Darragh Poultry v. Piney Creek SalesAnnotate this Case
743 S.W.2d 804 (1988)
294 Ark. 427
DARRAGH POULTRY & LIVESTOCK EQUIPMENT CO., Appellant, v. PINEY CREEK SALES, INC., Appellee.
Supreme Court of Arkansas.
February 1, 1988.
John C. Everette, Prairie Grove, for appellant.
James K. Young, Russellville, for appellee.
The appellant and the appellee occupied adjacent spaces in a warehouse in Russellville. After a fire in the warehouse, the appellee sued the appellant and alleged that the fire was the result of the appellant negligently allowing an electric drill to run for an extended period of time. The appellee prayed for damages of $101,000.00. The appellant answered and later filed an offer of judgment in the amount of $9,292.18. See ARCP Rule 68. The appellee did not respond to the offer. The case was tried, and the jury returned a verdict for the appellant. The appellant then filed a motion asking for judgment for all costs incurred after the offer was made. See ARCP Rule 68. The trial court denied the *805 motion, and the appellant contends that, as a matter of law, it is entitled to a judgment for all costs incurred after the offer. We affirm the trial court.
ARCP Rule 68 (emphasis added) provides:At any time more than 10 days before the trial begins, a party defending against a claim may serve upon the adverse party an offer to allow judgment to be taken against him for the money or property or to the effect specified in his offer, with costs then accrued. If within 10 days after the service of the offer the adverse party serves written notice that the offer is accepted, either party may then file the offer and notice of acceptance together with proof of service thereof and judgment shall be entered. An offer not accepted shall be deemed withdrawn and evidence thereof is not admissible except in a proceeding to determine costs. If the judgment exclusive of interest from the date of offer finally obtained by the offeree is not more favorable than the offer, the offeree must pay the costs incurred after the making of the offer. The fact that an offer is made but not accepted does not preclude a subsequent offer. When the liability of one party to another has been determined by verdict or order or judgment, but the amount or extent of liability remains to be determined by further proceedings, the party adjudged liable may make an offer of judgment, which shall have the same effect as an offer made before trial if it is served within a reasonable time not less than 10 days prior to the commencement of hearings to determine the amount or extent of liability.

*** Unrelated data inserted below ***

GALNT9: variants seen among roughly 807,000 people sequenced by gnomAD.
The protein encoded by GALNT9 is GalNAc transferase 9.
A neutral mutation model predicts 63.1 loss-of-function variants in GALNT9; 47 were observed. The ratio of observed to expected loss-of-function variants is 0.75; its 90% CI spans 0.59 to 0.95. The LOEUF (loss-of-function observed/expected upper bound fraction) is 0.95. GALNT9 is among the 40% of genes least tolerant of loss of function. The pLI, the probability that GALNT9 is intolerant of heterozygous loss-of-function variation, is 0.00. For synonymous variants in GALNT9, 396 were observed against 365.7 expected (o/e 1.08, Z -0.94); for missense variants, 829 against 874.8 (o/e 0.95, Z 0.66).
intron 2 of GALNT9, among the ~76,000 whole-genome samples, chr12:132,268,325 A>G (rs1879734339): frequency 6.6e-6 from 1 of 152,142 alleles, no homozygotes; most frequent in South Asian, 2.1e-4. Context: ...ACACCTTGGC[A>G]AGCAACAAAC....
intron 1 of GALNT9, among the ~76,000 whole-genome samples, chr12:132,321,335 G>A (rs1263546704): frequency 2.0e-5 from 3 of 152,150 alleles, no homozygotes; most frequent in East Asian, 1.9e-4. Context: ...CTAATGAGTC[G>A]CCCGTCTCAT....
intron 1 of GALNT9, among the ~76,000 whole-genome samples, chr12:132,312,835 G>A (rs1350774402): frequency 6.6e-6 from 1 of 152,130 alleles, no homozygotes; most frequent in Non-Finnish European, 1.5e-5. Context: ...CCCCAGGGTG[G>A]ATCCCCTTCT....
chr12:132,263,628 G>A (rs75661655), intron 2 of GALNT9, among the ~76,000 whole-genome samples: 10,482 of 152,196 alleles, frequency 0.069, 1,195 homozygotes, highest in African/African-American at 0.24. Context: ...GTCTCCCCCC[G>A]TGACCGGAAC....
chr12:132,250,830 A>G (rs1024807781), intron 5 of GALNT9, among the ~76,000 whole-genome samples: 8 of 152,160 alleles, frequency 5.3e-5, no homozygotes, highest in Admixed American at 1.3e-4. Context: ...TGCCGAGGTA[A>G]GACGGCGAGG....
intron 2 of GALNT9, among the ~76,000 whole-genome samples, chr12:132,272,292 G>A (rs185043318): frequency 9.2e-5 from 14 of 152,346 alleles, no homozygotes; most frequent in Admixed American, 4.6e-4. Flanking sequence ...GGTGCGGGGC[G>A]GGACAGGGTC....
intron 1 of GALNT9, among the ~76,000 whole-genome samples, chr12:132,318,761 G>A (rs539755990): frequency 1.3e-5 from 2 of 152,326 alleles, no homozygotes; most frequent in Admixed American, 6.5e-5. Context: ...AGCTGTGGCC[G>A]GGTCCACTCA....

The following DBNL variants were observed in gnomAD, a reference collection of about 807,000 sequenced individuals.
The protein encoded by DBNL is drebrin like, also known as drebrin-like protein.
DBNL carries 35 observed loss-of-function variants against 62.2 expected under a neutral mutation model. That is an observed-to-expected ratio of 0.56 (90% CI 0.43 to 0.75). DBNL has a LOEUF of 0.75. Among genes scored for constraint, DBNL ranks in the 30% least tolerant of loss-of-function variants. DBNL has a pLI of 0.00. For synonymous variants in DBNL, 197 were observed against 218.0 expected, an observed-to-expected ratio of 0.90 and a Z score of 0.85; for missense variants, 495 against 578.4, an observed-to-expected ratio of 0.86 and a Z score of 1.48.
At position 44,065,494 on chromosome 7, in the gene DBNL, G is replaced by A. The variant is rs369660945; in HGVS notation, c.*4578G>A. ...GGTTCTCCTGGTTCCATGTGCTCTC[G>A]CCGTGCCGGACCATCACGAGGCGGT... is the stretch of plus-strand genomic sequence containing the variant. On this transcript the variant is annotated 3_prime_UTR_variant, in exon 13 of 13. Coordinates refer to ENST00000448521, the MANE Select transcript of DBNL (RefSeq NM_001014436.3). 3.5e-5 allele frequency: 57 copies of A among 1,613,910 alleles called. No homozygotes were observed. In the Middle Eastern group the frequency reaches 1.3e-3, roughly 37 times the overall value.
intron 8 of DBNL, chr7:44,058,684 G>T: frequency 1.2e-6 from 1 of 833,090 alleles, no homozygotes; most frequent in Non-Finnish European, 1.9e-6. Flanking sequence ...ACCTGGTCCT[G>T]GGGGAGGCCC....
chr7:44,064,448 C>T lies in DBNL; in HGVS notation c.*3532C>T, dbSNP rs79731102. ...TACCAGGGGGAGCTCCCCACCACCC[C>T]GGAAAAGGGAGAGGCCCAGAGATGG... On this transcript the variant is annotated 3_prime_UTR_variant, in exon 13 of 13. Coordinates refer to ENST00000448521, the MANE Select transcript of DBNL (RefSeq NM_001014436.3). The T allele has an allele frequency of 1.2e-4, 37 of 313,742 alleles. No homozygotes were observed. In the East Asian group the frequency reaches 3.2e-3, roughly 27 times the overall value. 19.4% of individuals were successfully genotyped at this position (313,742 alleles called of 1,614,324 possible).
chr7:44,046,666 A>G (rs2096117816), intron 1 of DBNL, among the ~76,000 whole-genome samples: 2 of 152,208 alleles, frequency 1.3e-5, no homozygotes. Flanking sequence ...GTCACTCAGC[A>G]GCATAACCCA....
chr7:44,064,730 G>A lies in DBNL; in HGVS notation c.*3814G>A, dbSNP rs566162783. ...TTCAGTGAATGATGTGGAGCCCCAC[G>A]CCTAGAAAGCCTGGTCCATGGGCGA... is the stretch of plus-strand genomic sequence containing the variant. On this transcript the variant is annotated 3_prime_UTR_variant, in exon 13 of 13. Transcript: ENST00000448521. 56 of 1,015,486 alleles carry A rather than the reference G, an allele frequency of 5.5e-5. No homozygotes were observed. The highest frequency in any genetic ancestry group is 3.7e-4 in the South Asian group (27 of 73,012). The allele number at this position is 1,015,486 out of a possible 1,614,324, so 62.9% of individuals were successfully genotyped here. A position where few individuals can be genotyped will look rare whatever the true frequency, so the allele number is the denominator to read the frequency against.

In a case very similar to the one at bar, the Supreme Court of the United States held that a victorious defendant is not entitled to recover costs incurred after the making of the offer under Fed.R.Civ.P. 68, which is almost identical to ARCP Rule 68. Delta Air Lines, Inc. v. August, 450 U.S. 346, 101 S. Ct. 1146, 67 L. Ed. 2d 287 (1981). We decline to follow the reasoning expressed in Delta.
The author of the Note, Delta Air Lines, Inc. v. August: The Agony of Victory and the Thrill of Defeat, 35 Ark.L.Rev. 604 (1982), points out some of the flaws in the Delta Air Lines reasoning. For example, the author contends that theinterpretation of rule 68 in Delta undermines the spirit of the rule. Rule 68 was adopted to provide a means by which a defendant could compel the plaintiff realistically to re-assess his claim, with a penalty of litigation costs on the defendant if the plaintiff recovered more than the offer. After Delta, the defendant must bear the costs not only for making an offer below the ultimate recovery by the plaintiff, but also for winning the lawsuit and being unable to persuade the trial judge to award costs to the winning defendant pursuant to rule 54(d). It has been said, with reference to the Federal Rules, that "construction ... depends upon our basic attitude toward those Ruleswhether we take their force to lie in their very words, treating them as talismanic formulas, or whether we believe they are to be applied as rational instruments for doing justice between man and man in cases coming before the federal courts." Narrowing the field of vision by focusing its semantic microscope on the words "judgment finally obtained by the offeree," the Court arrived at a result which ignored "the common sense maxim that the greater includes the lesser," and which weakened the spirit of even-handedness formerly present in rule 68, whereby costs were assessed on the basis of a comparison of the offer with the result and not on the basis of whether the plaintiff won or lost the suit.